5 buttons 2 need polarity reversed

Hi,
Ive got an odd situation I cant work out.
I have 5 buttons all wired like this:

button 1,3,5 work fine but 2 and 4 need to have +ive and -ive reversed (compared with the other 3) to have them register high when pressed.

I have used the stateChangeDetection example and expanded that out for all 5 buttons but also running it button by button on the same pin is the same.
The problem is across both 2 uno's and a mega2560.

Is there something obvious I am missing or doing wrong?

Hi,
Welcome to the forum.

Please read the post at the start of any forum , entitled "How to use this Forum".
OR
http://forum.arduino.cc/index.php/topic,148850.0.html.
Then look down to item #7 about how to post your code.
It will be formatted in a scrolling window that makes it easier to read.

Can you please post a copy of your circuit, in CAD or a picture of a hand drawn circuit in jpg, png?

What do you have to wire reversed, LED? Button?

Can you post a picture of your project so we can see your layout?

Thanks.. Tom.. :slight_smile:

here is the code

/*
  State change detection (edge detection)

  Often, you don't need to know the state of a digital input all the time, but
  you just need to know when the input changes from one state to another.
  For example, you want to know when a button goes from OFF to ON. This is called
  state change detection, or edge detection.

  This example shows how to detect when a button or button changes from off to on
  and on to off.

  The circuit:
  - pushbutton attached to pin 2 from +5V
  - 10 kilohm resistor attached to pin 2 from ground
  - LED attached from pin 13 to ground (or use the built-in LED on most
    Arduino boards)

  created  27 Sep 2005
  modified 30 Aug 2011
  by Tom Igoe

  This example code is in the public domain.

  http://www.arduino.cc/en/Tutorial/ButtonStateChange
*/

// this constant won't change:
const int  s1 = 47;    // the pin that the pushbutton is attached to
const int  s2 = 48;
const int  s3 = 49;
const int  s4 = 50;
const int  s5 = 51;
const int  s6 = 12;
const int ledPin = 13;

int buttonPushCounter = 0;   // counter for the number of button presses
int s1s = 0;         // current state of the button
int s2s = 0;         // current state of the button
int s3s = 0;         // current state of the button
int s4s = 0;         // current state of the button
int s5s = 0;         // current state of the button
int s6s = 0;         // current state of the button
int lb1s = 0;     // previous state of the button
int lb2s = 0;     // previous state of the button
int lb3s = 0;     // previous state of the button
int lb4s = 0;     // previous state of the button
int lb5s = 0;     // previous state of the button
int lb6s = 0;     // previous state of the button









void setup() {
  // initialize the button pin as a input:
  pinMode(s1, INPUT);
  pinMode(s2, INPUT);
  pinMode(s3, INPUT);
  pinMode(s4, INPUT);
  pinMode(s5, INPUT);
//  pinMode(s6, INPUT_PULLUP);

  // initialize the LED as an output:
  pinMode(ledPin, OUTPUT);
  // initialize serial communication:
  Serial.begin(9600);
}


void loop() {
  // read the pushbutton input pin:
  s1s = digitalRead(s1);
  s2s = digitalRead(s2);
  s3s = digitalRead(s3);
  s4s = digitalRead(s4);
  s5s = digitalRead(s5);
//  s6s = digitalRead(s6);  


  if (s1s != lb1s) {
    if (s1s == HIGH) {
      buttonPushCounter++;
      Serial.println("1 on");
      Serial.print("number of button pushes: ");
      Serial.println(buttonPushCounter);
    } else {
      Serial.println("1 off");
    }
    delay(50);
  }
  lb1s = s1s;

  
  if (s2s != lb2s) {
    if (s2s == HIGH) {
      buttonPushCounter++;
      Serial.println("2 on");
      Serial.print("number of button pushes: ");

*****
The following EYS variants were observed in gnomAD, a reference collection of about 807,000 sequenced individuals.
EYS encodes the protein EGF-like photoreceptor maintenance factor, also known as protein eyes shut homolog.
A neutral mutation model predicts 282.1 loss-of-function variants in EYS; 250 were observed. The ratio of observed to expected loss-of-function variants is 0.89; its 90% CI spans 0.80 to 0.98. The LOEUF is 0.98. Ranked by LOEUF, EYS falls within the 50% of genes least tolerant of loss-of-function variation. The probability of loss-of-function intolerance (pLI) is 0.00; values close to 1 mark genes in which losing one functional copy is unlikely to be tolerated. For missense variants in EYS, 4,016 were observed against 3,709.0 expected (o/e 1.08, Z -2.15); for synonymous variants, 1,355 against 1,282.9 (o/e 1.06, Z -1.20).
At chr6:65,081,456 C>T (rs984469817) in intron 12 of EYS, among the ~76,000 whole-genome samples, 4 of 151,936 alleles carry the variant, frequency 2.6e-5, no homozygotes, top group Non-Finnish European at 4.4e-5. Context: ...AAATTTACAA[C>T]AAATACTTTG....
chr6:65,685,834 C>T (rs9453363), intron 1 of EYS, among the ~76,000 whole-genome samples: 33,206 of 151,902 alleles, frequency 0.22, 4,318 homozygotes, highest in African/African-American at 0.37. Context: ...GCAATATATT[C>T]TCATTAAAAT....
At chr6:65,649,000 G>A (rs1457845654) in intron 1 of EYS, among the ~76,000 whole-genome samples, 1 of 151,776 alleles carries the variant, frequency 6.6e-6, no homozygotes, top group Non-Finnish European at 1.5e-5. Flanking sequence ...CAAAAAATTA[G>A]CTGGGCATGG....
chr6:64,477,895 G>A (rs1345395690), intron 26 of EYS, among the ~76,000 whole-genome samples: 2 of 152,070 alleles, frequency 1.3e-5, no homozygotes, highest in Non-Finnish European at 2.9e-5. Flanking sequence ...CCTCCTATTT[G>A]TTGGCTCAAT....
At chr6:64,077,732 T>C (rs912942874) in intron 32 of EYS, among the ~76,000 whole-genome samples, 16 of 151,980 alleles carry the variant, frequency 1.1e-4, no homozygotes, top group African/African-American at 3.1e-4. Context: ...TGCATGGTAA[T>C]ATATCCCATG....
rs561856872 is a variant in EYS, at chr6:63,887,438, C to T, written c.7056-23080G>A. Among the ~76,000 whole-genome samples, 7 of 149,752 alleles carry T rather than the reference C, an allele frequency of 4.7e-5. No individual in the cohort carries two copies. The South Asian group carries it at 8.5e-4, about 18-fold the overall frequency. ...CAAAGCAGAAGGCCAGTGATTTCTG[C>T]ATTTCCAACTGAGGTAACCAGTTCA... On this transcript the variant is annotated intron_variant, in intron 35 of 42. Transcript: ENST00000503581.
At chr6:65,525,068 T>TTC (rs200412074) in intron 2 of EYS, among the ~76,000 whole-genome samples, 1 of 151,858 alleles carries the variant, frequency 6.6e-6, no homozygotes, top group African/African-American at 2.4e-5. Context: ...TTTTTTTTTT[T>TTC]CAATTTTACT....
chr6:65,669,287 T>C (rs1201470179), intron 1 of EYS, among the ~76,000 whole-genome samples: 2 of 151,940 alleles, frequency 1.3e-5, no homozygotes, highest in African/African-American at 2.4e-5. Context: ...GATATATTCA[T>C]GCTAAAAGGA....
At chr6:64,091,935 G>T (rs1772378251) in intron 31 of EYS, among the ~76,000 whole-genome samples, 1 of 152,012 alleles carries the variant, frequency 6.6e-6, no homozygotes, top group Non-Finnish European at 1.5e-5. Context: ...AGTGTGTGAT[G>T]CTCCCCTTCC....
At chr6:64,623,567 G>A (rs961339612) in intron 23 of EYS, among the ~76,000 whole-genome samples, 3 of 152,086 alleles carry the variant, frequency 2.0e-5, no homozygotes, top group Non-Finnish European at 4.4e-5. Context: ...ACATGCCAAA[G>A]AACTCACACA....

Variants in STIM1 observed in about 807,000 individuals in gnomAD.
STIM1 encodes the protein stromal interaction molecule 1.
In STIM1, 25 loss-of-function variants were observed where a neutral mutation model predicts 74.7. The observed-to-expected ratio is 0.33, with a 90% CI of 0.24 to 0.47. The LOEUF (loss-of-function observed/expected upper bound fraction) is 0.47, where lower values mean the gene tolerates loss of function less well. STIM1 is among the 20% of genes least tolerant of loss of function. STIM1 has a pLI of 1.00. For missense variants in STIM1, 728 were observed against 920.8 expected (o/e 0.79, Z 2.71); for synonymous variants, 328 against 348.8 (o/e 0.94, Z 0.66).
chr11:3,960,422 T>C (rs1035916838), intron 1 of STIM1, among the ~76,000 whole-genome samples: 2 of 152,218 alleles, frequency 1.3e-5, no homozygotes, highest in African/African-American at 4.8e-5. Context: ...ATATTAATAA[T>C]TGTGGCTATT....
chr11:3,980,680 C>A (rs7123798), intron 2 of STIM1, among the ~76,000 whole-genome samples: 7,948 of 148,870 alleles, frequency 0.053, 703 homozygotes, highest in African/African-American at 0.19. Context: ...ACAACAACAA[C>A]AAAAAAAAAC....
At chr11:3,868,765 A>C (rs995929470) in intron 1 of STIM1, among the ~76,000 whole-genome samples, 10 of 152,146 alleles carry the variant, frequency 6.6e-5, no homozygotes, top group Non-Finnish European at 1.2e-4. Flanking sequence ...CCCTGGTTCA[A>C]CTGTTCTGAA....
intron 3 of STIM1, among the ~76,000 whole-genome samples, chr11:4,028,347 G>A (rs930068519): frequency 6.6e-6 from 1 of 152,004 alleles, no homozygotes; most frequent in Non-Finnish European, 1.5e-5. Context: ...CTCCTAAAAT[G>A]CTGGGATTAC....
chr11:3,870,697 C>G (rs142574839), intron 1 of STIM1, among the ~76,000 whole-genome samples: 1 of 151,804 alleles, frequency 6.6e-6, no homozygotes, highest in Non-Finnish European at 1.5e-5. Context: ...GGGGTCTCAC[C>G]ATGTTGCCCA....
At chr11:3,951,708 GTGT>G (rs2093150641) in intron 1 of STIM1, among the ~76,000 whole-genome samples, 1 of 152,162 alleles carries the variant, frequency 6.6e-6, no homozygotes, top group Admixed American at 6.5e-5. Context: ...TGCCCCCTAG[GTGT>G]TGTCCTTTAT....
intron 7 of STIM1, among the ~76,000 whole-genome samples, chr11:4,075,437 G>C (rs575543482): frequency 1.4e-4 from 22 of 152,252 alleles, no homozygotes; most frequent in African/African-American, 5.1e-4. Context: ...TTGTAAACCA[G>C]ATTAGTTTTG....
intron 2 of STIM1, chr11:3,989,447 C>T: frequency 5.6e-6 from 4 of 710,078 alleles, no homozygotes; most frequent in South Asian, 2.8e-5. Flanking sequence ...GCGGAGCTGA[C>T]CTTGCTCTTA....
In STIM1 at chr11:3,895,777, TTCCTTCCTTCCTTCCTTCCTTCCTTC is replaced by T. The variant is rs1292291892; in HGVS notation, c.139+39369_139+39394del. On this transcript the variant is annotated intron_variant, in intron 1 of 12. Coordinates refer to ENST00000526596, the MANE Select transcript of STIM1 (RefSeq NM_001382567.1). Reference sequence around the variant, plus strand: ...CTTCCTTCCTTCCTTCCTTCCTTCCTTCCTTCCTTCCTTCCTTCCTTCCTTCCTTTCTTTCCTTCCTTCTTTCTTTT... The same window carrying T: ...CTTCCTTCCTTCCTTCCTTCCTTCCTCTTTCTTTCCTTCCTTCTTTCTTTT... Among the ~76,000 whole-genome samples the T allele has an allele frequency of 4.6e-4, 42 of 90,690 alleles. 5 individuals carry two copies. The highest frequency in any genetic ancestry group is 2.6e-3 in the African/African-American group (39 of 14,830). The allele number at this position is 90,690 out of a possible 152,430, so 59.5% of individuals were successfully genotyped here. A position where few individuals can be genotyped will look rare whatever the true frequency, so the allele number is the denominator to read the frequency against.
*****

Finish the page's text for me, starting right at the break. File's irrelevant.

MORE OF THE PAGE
Serial.println(buttonPushCounter);
    } else {
      Serial.println("2 off");
    }
    delay(50);
  }
  lb2s = s2s;

    if (s3s != lb3s) {
    if (s3s == HIGH) {
      buttonPushCounter++;
      Serial.println("3 on");
      Serial.print("number of button pushes: ");
      Serial.println(buttonPushCounter);
    } else {
      Serial.println("3 off");
    }
    delay(50);
  }
  lb3s = s3s;

  if (s4s != lb4s) {
    if (s4s == HIGH) {
      buttonPushCounter++;
      Serial.println("4 on");
      Serial.print("number of button pushes: ");
      Serial.println(buttonPushCounter);
    } else {
      Serial.println("4 off");
    }
    delay(50);
  }
  lb4s = s4s;

  if (s5s != lb5s) {
    if (s5s == HIGH) {
      buttonPushCounter++;
      Serial.println("5 on");
      Serial.print("number of button pushes: ");
      Serial.println(buttonPushCounter);
    } else {
      Serial.println("5 off");
    }
    delay(50);
  }
  lb5s = s5s;
/*
  if (s6s != lb6s) {
    if (s6s == HIGH) {
      buttonPushCounter++;
      Serial.println("6 on");
      Serial.print("number of button pushes: ");
      Serial.println(buttonPushCounter);
    } else {
      Serial.println("6 off");
    }
    delay(50);
  }
  lb6s = s6s;

*/
  
    // turns on the LED every four button pushes by checking the modulo of the
    // button push counter. the modulo function gives you the remainder of the
    // division of two numbers:
    if (buttonPushCounter % 4 == 0) {
      digitalWrite(ledPin, HIGH);
    } else {
      digitalWrite(ledPin, LOW);
    }
  


}

The other code that the above is based off is this

/*
  State change detection (edge detection)

  Often, you don't need to know the state of a digital input all the time, but
  you just need to know when the input changes from one state to another.
  For example, you want to know when a button goes from OFF to ON. This is called
  state change detection, or edge detection.

  This example shows how to detect when a button or button changes from off to on
  and on to off.

  The circuit:
  - pushbutton attached to pin 2 from +5V
  - 10 kilohm resistor attached to pin 2 from ground
  - LED attached from pin 13 to ground (or use the built-in LED on most
    Arduino boards)

  created  27 Sep 2005
  modified 30 Aug 2011
  by Tom Igoe

  This example code is in the public domain.

  http://www.arduino.cc/en/Tutorial/ButtonStateChange
*/

// this constant won't change:
const int  buttonPin = 7

;    // the pin that the pushbutton is attached to
const int ledPin = 13;       // the pin that the LED is attached to

// Variables will change:
int buttonPushCounter = 0;   // counter for the number of button presses
int buttonState = 0;         // current state of the button
int lastButtonState = 0;     // previous state of the button

void setup() {